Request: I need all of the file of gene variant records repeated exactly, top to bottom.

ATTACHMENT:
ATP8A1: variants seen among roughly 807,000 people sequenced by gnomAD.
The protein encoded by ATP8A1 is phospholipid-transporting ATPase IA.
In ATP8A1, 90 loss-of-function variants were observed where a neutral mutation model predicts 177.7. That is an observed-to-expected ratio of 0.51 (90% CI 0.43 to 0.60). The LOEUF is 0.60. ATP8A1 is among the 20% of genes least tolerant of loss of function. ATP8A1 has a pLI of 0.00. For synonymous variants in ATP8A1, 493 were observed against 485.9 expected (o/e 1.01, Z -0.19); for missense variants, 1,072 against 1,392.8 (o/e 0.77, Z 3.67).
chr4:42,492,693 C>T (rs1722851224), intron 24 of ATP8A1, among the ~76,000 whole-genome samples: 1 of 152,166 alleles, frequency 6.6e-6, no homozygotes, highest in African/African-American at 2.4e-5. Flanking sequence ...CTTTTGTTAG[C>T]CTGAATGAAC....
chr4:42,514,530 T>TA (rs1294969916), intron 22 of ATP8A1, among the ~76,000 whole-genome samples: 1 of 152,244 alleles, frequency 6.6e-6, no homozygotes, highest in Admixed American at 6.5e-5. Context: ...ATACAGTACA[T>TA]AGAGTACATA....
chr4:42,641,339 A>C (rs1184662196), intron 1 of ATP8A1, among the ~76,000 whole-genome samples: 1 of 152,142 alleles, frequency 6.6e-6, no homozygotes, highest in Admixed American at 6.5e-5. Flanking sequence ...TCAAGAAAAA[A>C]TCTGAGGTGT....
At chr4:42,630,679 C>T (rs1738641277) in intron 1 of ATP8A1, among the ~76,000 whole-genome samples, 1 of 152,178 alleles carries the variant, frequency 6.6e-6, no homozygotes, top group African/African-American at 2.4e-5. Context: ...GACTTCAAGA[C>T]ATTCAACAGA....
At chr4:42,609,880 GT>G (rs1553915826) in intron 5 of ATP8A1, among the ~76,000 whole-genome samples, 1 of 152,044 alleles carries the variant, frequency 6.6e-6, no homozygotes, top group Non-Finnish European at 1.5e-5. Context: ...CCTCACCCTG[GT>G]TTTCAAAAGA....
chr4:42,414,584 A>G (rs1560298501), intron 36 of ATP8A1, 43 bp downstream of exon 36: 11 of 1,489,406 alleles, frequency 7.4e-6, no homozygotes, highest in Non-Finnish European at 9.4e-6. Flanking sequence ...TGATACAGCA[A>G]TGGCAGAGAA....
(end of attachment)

ATP8A1: variants seen among roughly 807,000 people sequenced by gnomAD.
The protein encoded by ATP8A1 is phospholipid-transporting ATPase IA.
In ATP8A1, 90 loss-of-function variants were observed where a neutral mutation model predicts 177.7. That is an observed-to-expected ratio of 0.51 (90% CI 0.43 to 0.60). The LOEUF is 0.60. ATP8A1 is among the 20% of genes least tolerant of loss of function. ATP8A1 has a pLI of 0.00. For synonymous variants in ATP8A1, 493 were observed against 485.9 expected (o/e 1.01, Z -0.19); for missense variants, 1,072 against 1,392.8 (o/e 0.77, Z 3.67).
chr4:42,492,693 C>T (rs1722851224), intron 24 of ATP8A1, among the ~76,000 whole-genome samples: 1 of 152,166 alleles, frequency 6.6e-6, no homozygotes, highest in African/African-American at 2.4e-5. Flanking sequence ...CTTTTGTTAG[C>T]CTGAATGAAC....
chr4:42,514,530 T>TA (rs1294969916), intron 22 of ATP8A1, among the ~76,000 whole-genome samples: 1 of 152,244 alleles, frequency 6.6e-6, no homozygotes, highest in Admixed American at 6.5e-5. Context: ...ATACAGTACA[T>TA]AGAGTACATA....
chr4:42,641,339 A>C (rs1184662196), intron 1 of ATP8A1, among the ~76,000 whole-genome samples: 1 of 152,142 alleles, frequency 6.6e-6, no homozygotes, highest in Admixed American at 6.5e-5. Flanking sequence ...TCAAGAAAAA[A>C]TCTGAGGTGT....
At chr4:42,630,679 C>T (rs1738641277) in intron 1 of ATP8A1, among the ~76,000 whole-genome samples, 1 of 152,178 alleles carries the variant, frequency 6.6e-6, no homozygotes, top group African/African-American at 2.4e-5. Context: ...GACTTCAAGA[C>T]ATTCAACAGA....
At chr4:42,609,880 GT>G (rs1553915826) in intron 5 of ATP8A1, among the ~76,000 whole-genome samples, 1 of 152,044 alleles carries the variant, frequency 6.6e-6, no homozygotes, top group Non-Finnish European at 1.5e-5. Context: ...CCTCACCCTG[GT>G]TTTCAAAAGA....
chr4:42,414,584 A>G (rs1560298501), intron 36 of ATP8A1, 43 bp downstream of exon 36: 11 of 1,489,406 alleles, frequency 7.4e-6, no homozygotes, highest in Non-Finnish European at 9.4e-6. Flanking sequence ...TGATACAGCA[A>G]TGGCAGAGAA....